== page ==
Most studies of minimum wage laws in countries around the world show that fewer people are employed at artificially higher wage rates. Moreover, unemployment falls disproportionately on lower skilled workers, younger and inexperienced workers, and workers from minority groups. The new Cato Institute study cites data showing job losses in places where living wage laws have been imposed. ... As imposed wage rates rise, so do job qualifications, so that less skilled or less experienced workers become 'unemployable.' Think about it. Every one of us would be 'unemployable' if our pay rates were raised high enough.
Related Topic: Minimum Wage Laws
Milton Friedman (1912-2006), by Richard M. Ebeling, Sheldon Richman, 17 Nov 2006
Memorial tribute, highlighting Friedman's role in opposing Keynesianism, and his books and other public activities (a revised version appeared in The Freeman Dec 2006)
[Friedman] said that the amount of unemployment at any time was determined by changing supply-and-demand conditions in the market and people's expectations about the future rate of inflation, which influenced their resource-price and wage demands. The monetary authority could fool people by increasing the inflation rate above people's expectations ... But over time, as people discovered the truth about the rate of inflation, they would demand higher wages and resource prices to compensate ... That would reduce profit margins and return unemployment to its "natural" level.
Minimum wage, Maximum folly, by Walter E. Williams, 23 Mar 2005
Discusses proposals by senators Kennedy and Santorum to increase minimum wage rates, both of which failed to pass, and the effects of such laws, particularly regarding black teen unemployment
Bureau of Labor Statistics unemployment data confirms the economic prediction about minimum-wage effects. Currently, the teen unemployment rate is 16% for whites and 32% for blacks. In 1948, the unemployment rate for black teens (16-17) was lower (9.4%) than white teens (10.2%). ... while there was a minimum wage of 40 cents an hour prior to 1948, it had been essentially repealed by the post-World War II inflation; however, with successive increases in the minimum wage, black teen unemployment rose relative to white teens to where it has become permanently double that of white teens.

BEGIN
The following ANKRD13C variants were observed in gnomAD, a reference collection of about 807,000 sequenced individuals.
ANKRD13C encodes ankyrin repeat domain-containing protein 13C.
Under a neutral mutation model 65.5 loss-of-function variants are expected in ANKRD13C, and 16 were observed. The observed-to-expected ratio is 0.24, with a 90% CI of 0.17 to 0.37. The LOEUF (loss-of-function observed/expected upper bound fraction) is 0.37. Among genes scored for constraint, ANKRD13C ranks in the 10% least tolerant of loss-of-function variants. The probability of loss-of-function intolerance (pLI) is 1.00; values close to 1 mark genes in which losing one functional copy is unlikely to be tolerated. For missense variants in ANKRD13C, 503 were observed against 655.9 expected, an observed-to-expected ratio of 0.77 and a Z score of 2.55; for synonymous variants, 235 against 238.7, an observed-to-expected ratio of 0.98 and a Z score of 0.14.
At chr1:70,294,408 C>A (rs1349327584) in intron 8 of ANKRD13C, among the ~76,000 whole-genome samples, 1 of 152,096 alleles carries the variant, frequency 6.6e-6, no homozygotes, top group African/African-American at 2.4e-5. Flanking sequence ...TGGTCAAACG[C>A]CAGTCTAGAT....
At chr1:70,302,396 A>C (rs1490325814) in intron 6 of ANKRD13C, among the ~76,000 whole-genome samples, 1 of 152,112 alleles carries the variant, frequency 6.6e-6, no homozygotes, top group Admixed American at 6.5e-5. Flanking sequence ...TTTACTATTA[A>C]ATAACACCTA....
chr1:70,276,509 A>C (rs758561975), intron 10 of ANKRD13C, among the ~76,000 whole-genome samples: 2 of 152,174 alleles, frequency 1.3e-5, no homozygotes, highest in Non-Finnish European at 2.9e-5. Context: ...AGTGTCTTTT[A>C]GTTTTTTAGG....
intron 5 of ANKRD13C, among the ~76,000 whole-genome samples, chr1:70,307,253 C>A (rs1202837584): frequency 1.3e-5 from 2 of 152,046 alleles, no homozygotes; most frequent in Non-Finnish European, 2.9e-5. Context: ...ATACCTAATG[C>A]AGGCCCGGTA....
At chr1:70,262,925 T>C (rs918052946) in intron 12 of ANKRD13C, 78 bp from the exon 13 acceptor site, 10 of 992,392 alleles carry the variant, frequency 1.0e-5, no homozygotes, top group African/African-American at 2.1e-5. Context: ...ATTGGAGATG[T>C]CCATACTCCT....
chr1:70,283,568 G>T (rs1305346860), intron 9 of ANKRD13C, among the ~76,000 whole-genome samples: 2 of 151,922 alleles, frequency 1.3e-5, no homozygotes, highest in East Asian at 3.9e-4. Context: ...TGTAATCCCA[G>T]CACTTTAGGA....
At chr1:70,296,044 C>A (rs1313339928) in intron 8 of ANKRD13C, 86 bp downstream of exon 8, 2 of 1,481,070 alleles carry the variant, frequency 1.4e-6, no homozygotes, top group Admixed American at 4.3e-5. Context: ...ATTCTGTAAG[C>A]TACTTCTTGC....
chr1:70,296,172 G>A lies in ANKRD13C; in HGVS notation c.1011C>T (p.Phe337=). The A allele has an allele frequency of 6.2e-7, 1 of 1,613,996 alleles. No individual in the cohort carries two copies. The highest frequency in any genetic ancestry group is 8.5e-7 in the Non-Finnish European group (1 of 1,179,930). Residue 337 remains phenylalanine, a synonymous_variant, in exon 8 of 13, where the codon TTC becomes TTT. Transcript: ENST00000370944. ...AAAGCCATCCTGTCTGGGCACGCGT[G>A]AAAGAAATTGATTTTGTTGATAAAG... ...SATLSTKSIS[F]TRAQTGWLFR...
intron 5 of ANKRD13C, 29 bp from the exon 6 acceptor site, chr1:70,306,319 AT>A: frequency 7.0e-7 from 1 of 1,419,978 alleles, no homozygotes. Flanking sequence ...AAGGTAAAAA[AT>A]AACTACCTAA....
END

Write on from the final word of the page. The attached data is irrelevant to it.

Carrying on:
Related Topic: Minimum Wage Laws
Minimum Wage Rates, by Ludwig von Mises, Human Action, 1949
Chapter 30, "Interference With the Structure of Prices", Section 3; discusses the setting of minimun wages both by legislation and by collecitve bargaining, pointing out some of the resulting problems
Assistance granted to the unemployed does not dispose of unemployment. It makes it easier for the unemployed to remain idle. The nearer the allowance comes to the height at which the unhampered market would have fixed the wage rate, the less incentive it offers to the beneficiary to look for a new job. It is a means of making unemployment last rather than of making it disappear.
Monetary Central Planning and the State, Part XVIII: Say's Law of Markets and Keynesian Economics, by Richard M. Ebeling, Freedom Daily, Jun 1998
Contrasts the views of John Maynard Keynes with "the commonsense foundations of economics" by explaining the basics of exchange and markets, and discussing Say's Law and John Stuart Mill's refinement